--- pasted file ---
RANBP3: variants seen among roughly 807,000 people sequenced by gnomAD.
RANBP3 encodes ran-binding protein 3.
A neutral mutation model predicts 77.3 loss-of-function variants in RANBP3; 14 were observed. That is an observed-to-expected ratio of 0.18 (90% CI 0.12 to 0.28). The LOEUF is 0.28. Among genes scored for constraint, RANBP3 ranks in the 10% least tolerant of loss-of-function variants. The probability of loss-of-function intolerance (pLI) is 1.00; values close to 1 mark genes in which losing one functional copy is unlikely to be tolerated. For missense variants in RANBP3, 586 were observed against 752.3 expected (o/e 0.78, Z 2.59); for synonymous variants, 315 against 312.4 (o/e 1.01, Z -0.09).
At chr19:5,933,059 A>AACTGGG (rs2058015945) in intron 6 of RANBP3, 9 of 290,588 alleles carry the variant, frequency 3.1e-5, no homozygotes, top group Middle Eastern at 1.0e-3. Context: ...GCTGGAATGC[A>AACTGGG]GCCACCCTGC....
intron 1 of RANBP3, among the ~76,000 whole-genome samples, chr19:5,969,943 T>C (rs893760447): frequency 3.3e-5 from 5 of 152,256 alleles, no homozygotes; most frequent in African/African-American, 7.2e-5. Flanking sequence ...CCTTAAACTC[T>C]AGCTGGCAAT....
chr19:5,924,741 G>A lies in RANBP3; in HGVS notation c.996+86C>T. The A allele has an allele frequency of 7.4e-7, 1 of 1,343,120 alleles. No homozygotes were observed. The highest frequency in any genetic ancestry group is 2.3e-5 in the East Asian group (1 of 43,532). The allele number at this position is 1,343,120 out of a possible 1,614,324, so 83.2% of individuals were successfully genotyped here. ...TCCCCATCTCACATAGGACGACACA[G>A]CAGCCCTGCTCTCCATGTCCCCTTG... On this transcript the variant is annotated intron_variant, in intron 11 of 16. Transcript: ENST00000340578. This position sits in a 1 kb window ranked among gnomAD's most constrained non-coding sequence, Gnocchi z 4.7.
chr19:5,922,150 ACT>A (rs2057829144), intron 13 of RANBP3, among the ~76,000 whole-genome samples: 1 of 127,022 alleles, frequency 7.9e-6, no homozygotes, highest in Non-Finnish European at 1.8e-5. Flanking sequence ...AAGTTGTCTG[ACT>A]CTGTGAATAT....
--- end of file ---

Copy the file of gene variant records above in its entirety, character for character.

RANBP3: variants seen among roughly 807,000 people sequenced by gnomAD.
RANBP3 encodes ran-binding protein 3.
A neutral mutation model predicts 77.3 loss-of-function variants in RANBP3; 14 were observed. That is an observed-to-expected ratio of 0.18 (90% CI 0.12 to 0.28). The LOEUF is 0.28. Among genes scored for constraint, RANBP3 ranks in the 10% least tolerant of loss-of-function variants. The probability of loss-of-function intolerance (pLI) is 1.00; values close to 1 mark genes in which losing one functional copy is unlikely to be tolerated. For missense variants in RANBP3, 586 were observed against 752.3 expected (o/e 0.78, Z 2.59); for synonymous variants, 315 against 312.4 (o/e 1.01, Z -0.09).
At chr19:5,933,059 A>AACTGGG (rs2058015945) in intron 6 of RANBP3, 9 of 290,588 alleles carry the variant, frequency 3.1e-5, no homozygotes, top group Middle Eastern at 1.0e-3. Context: ...GCTGGAATGC[A>AACTGGG]GCCACCCTGC....
intron 1 of RANBP3, among the ~76,000 whole-genome samples, chr19:5,969,943 T>C (rs893760447): frequency 3.3e-5 from 5 of 152,256 alleles, no homozygotes; most frequent in African/African-American, 7.2e-5. Flanking sequence ...CCTTAAACTC[T>C]AGCTGGCAAT....
chr19:5,924,741 G>A lies in RANBP3; in HGVS notation c.996+86C>T. The A allele has an allele frequency of 7.4e-7, 1 of 1,343,120 alleles. No homozygotes were observed. The highest frequency in any genetic ancestry group is 2.3e-5 in the East Asian group (1 of 43,532). The allele number at this position is 1,343,120 out of a possible 1,614,324, so 83.2% of individuals were successfully genotyped here. ...TCCCCATCTCACATAGGACGACACA[G>A]CAGCCCTGCTCTCCATGTCCCCTTG... On this transcript the variant is annotated intron_variant, in intron 11 of 16. Transcript: ENST00000340578. This position sits in a 1 kb window ranked among gnomAD's most constrained non-coding sequence, Gnocchi z 4.7.
chr19:5,922,150 ACT>A (rs2057829144), intron 13 of RANBP3, among the ~76,000 whole-genome samples: 1 of 127,022 alleles, frequency 7.9e-6, no homozygotes, highest in Non-Finnish European at 1.8e-5. Flanking sequence ...AAGTTGTCTG[ACT>A]CTGTGAATAT....